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My wife needs constant care in the form of toileting, dressing, meal preparation, mobility (she cannot walk on her own), etc. I currently use an outside caregiver company a few hours a week so I can do shopping and other chores outside the home. I find the need for more hours outside the home to take care of matters and whenever possible and some respite time for me. Unfortunately, my budget prevents me from adding additional hours of care giving.

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1. VA cannot give you legal or Financial advice

2. A spouse will not be paid for performing care services. an 'outside agent' , (non-spouse) will qualify as a deductible qualifying medical expense.

3. the VA says it is OK to own your home; (which is true,) but very limited as how to begin protecting that home from future VA denial and charge back, and Medicaid rules.

4. VA lists confusing Asset/Income limitations, there are proper ways to deal with that subject, so many families are bathing in the misconception they won't qualify...mistakenly!

Self Application is often a quagmire! I'll provide some education at my office (free) if you are in Metro Atlanta.
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Hi, yes I think you should qualify, you can use this website to look for your VA forms also I know the software is free if you invite a couple of friends to try it out thanks.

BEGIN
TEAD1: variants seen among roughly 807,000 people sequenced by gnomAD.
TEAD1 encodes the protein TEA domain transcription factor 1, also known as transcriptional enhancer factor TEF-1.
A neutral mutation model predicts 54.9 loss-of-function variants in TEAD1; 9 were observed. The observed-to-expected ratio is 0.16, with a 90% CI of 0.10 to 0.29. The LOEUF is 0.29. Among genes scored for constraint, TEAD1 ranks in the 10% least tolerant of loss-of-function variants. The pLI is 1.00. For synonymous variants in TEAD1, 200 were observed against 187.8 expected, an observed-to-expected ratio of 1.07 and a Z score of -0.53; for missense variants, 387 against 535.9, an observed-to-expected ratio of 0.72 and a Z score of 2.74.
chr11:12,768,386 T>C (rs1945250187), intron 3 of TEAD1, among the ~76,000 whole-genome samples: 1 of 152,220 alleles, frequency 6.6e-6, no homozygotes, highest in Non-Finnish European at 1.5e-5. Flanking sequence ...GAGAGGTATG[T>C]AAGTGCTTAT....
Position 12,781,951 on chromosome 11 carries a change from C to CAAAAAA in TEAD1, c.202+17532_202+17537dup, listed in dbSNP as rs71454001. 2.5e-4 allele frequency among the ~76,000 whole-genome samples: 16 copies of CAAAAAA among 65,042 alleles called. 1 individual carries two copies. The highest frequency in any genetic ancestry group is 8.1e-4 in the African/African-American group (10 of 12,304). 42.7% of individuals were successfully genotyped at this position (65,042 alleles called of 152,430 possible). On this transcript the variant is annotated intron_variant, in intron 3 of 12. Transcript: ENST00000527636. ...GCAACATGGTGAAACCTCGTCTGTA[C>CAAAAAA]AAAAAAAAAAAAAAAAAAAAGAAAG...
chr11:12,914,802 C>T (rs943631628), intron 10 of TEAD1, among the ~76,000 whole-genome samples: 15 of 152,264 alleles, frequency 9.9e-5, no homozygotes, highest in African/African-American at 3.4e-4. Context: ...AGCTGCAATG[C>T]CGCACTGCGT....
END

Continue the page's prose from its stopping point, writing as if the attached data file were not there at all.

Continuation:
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Ferris1, there are limits on income and assets....but....you need to work with people who can give financial and legal advice...the VA isn't one of them. You need to know what is deductible from your income to reduce the "countable income" so you may have a better chance of being in a position to qualify. The VA still...as of now...does not have a lookback for moving assets...BUT, if you do it wrong, you may disqualify the claimant from qualifying for medicaid in the future. Lots of misinformation being passed around. ..from advisors who SHOULD know...be careful. Also, you should never pay a fee for help with the application process. You are not allowed to charge a fee for this.
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When you apply for A&A, you can request on form 21-4138...who you want to be fiduciary....out of helping over 400 vets apply...the VA has always appointed who we requested. Yes, they do an accounting sometime after 90 days....never has been a big deal from what my clients have told me. It does take 60-90 days after being awarded the benefit...for the VA to contact the requested fiduciary. I have beeen in several fiduciary meetings...not a big deal. If you think something is taking too long, contact your local US Congressman for help.